Market Report: Growth in investment opportunities within Africa

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On Wednesday February 27, Dr. Maikanti Baru, Group Managing Director of the Nigerian National Petroleum Corporation (NNPC), called on investors to utilize the over $48 billion investment opportunities available in the upcoming capital projects within Nigeria’s oil and gas industry. 

Dr. Baru said the continent’s energy outlook was positive amid difficult operating and economic headwinds. He explained that over 41 billion barrels of oil and 319 trillion cubic feet (tcf) of gas were yet to be discovered in sub- Saharan Africa alone, while between 2008 and 2017, exploratory success in the sub-region was at least 45%. 

He added that there has been a surge in the capital expenditure (CAPEX) across Africa’s oil and gas sector, with close to $194 billion earmarked to be spent between 2018 and 2025 on 93 upcoming oil and gas fields in Africa.
Dr. Baru observed that 23.8% of the CAPEX in Africa would be spent in Mozambique, 11.3% in Angola and around 29.2% would be spent in Tanzania, Senegal, Mauritania, Uganda, Egypt, Algeria and Kenya combined. 

He noted that with over 14 oil producing countries, Africa currently accounts for 7.5% (126.5 billion barrels of crude oil) and 7.1% (488 tcf of gas) of global proven oil and gas reserves respectively. 

He maintained that in terms of production, the continent accounted for 8.7% of global oil production and 6.1% of global gas production, even as it consumed 4 million barrels of oil per day (bpd) and 13.7 billion cubic standard feet of gas per day. 

Dr. Baru observed that the NNPC’s Frontier Exploration Service was currently drilling the Kolmani River- 2 Well, where a desktop estimate revealed that about 400 billion cubic feet of gas is expected to be encountered. 

He stressed that several new frontiers for exploration opportunities abound in Nigeria, even as offshore discoveries in the country have mostly been limited to between 1,000 – 1,500m of water depth.


On Monday February 25, MODEC, Inc. announced that its subsidiary, MODEC International Inc., had been awarded a contract by Woodside Energy (Senegal) B.V., as Operator of the SNE Field Development, for a Floating Production Storage and Offloading (FPSO) vessel for Senegalese waters.
Under the contract, MODEC will perform Front-End Engineering Design for the FPSO and, subject to a final investment decision on the project in 2019, will be responsible for the supply, charter and operations of the FPSO. The SNE deep-water oil field is expected to be Senegal’s first offshore oil development.
The field is located within the Sangomar Deep Offshore permit area, approximately 100km south of Dakar, Senegal. The FPSO will be designed to produce around 100,000 bpd with first oil production targeted in 2022. The FPSO will be moored in water depths of approximately 800m.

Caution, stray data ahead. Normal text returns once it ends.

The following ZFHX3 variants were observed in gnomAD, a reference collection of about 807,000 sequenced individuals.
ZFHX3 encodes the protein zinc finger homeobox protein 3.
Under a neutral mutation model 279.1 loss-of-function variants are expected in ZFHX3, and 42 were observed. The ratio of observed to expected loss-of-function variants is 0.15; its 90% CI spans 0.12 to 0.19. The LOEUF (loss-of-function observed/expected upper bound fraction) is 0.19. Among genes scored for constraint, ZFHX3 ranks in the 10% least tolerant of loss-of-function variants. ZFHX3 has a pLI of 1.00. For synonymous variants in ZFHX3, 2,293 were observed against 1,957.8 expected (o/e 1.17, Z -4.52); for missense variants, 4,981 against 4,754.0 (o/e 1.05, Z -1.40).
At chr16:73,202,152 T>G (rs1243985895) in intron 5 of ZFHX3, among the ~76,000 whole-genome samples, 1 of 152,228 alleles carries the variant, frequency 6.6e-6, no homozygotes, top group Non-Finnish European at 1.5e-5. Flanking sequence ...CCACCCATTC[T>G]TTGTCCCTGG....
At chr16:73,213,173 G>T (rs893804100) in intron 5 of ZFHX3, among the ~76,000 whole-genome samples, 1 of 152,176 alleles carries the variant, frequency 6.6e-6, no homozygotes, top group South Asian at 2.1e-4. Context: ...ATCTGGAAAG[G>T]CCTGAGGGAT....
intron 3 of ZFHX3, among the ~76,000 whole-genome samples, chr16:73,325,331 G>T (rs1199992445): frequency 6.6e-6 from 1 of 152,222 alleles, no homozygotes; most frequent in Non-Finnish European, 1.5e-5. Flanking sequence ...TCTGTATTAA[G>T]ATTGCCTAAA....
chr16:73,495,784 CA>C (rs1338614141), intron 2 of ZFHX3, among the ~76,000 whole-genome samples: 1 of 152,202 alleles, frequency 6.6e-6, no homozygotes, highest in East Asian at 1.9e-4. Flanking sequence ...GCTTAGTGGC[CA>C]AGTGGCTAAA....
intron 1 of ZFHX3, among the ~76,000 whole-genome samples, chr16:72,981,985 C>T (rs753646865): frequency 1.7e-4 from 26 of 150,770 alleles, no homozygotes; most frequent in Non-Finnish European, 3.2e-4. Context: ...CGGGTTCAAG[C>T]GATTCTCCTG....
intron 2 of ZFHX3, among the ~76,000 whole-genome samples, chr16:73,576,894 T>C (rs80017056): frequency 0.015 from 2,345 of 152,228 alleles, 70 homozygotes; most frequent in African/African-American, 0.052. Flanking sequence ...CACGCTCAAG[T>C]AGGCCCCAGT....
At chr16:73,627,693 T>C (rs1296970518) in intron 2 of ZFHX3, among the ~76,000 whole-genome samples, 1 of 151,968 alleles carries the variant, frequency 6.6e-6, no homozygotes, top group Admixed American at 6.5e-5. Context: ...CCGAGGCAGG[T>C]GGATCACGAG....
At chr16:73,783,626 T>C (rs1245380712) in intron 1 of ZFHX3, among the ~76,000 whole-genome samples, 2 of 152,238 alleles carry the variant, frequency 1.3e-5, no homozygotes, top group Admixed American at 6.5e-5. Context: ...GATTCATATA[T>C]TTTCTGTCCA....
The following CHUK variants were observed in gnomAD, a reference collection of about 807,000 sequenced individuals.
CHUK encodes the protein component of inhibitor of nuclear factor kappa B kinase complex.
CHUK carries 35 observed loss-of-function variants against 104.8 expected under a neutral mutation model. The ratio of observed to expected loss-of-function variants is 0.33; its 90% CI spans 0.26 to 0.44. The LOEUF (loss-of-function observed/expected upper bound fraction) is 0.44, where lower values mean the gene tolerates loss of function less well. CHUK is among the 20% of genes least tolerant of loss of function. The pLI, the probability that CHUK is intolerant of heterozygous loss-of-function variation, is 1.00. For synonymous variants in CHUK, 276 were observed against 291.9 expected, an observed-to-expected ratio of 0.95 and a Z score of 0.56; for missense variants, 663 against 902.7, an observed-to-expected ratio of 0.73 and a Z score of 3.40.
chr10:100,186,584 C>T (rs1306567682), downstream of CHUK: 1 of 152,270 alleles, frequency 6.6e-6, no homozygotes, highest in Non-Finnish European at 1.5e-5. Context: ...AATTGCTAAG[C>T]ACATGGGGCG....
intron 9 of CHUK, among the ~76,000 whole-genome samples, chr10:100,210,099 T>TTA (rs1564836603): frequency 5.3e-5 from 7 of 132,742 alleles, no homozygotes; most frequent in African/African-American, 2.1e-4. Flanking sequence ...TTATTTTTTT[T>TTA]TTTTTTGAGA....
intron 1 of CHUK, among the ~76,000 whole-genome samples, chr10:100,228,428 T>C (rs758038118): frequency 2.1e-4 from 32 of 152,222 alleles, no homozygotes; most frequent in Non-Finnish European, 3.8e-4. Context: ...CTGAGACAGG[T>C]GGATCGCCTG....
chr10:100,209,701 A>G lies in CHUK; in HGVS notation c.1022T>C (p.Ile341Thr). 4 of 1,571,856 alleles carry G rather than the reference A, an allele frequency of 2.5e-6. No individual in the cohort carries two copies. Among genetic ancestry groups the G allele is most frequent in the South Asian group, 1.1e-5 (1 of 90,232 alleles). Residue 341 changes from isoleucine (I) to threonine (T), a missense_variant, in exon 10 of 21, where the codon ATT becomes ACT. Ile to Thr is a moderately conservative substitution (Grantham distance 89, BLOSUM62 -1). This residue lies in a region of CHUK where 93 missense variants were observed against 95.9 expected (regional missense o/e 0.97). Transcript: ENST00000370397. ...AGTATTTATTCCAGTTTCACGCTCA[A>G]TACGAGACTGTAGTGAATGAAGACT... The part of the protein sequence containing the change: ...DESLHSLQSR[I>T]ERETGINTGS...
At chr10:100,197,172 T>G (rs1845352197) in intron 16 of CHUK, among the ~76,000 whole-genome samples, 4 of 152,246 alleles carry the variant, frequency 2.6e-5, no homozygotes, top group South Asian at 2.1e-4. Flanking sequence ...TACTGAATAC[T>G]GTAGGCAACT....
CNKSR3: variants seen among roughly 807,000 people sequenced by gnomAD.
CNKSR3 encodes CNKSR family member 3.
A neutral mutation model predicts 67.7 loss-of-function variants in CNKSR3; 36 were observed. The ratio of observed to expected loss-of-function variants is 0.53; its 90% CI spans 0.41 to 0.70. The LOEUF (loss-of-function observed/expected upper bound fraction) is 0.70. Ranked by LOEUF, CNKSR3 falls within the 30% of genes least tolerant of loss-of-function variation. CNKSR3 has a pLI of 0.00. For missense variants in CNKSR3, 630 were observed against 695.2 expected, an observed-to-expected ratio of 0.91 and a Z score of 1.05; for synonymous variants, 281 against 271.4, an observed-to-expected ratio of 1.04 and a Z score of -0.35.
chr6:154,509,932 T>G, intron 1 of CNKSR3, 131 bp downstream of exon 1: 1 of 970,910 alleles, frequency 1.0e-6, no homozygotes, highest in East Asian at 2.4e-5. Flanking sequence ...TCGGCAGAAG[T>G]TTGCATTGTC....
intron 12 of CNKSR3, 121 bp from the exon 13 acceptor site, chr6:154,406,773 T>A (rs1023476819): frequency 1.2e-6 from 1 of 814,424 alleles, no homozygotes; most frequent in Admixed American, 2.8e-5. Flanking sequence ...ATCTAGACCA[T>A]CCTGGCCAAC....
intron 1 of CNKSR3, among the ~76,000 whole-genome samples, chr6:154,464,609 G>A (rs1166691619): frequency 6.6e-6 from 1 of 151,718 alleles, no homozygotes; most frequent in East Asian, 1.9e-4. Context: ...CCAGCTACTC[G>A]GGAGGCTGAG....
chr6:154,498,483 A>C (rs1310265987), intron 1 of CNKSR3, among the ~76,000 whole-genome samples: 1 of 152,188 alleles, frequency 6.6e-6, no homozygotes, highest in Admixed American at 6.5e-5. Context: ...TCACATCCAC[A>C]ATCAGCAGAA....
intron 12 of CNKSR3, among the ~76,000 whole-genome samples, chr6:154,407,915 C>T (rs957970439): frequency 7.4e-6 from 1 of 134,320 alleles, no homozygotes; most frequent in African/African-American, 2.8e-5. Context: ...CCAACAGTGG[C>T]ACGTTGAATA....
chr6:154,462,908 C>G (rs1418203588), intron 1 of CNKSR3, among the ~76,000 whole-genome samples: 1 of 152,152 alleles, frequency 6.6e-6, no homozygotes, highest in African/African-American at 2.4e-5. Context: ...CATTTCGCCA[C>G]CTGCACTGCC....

In recent years, numerous offshore oil fields have been discovered in West Africa, and MODEC considers this as one of its most important core regions. MODEC currently operates three FPSOs in Ghana and Côte d’Ivoire and has supplied another seven floating production facilities, such as FPSO / FSO / Tension Leg Platform which have been installed in Angola, Cameroon, Equatorial Guinea, Gabon and Nigeria.
The SNE field is held by Woodside Energy (Senegal) B.V. (35%) as Operator, Cairn Energy Senegal (40%), FAR Limited (15%) and PETROSEN (10%) under a Production Sharing Contract (PSC).


On Thursday February 28, oil prices edged down in Asia amid signs of surging U.S. crude oil production. The U.S. West Texas Intermediate crude futures for April delivery on the New York Mercantile Exchange tacked on 17c to $57.12 a barrel at 9:10 AM ET (14:10 GMT), while Brent oil for May delivery was at $66.52 a barrel.
The U.S. Energy Information Administration’s weekly report for Wednesday, February 27, showed a fall in crude oil inventories by 8.65 million barrels in the week ending February 22, compared to forecasts for a build of 2.84 million.
It was the first U.S. crude stockpile drop in six weeks, coming after the production cuts by OPEC. Oil prices were dragged down by the fact that U.S. crude oil production continues to rise. It has risen by more than 2 million bpd over the last year, to an unprecedented 12.1 million bpd, according to EIA data released this week.
However, oil markets remain relatively well supported by supply cuts by OPEC and its allies agreed late 2018 to reduce output by 1.2 million bpd to prop up prices. But, the EIA expects the rise in U.S. output will more than offset the barrels taken off the market.
Additionally, the weaker-than-expected Chinese Purchasing Manager’s Index  data also weighed on oil prices. Data on Thursday showed that the official Purchasing Manager’s fell in February. It is the latest sign that China’s economy is still losing steam after last year’s growth cooled to a nearly 30-year low.

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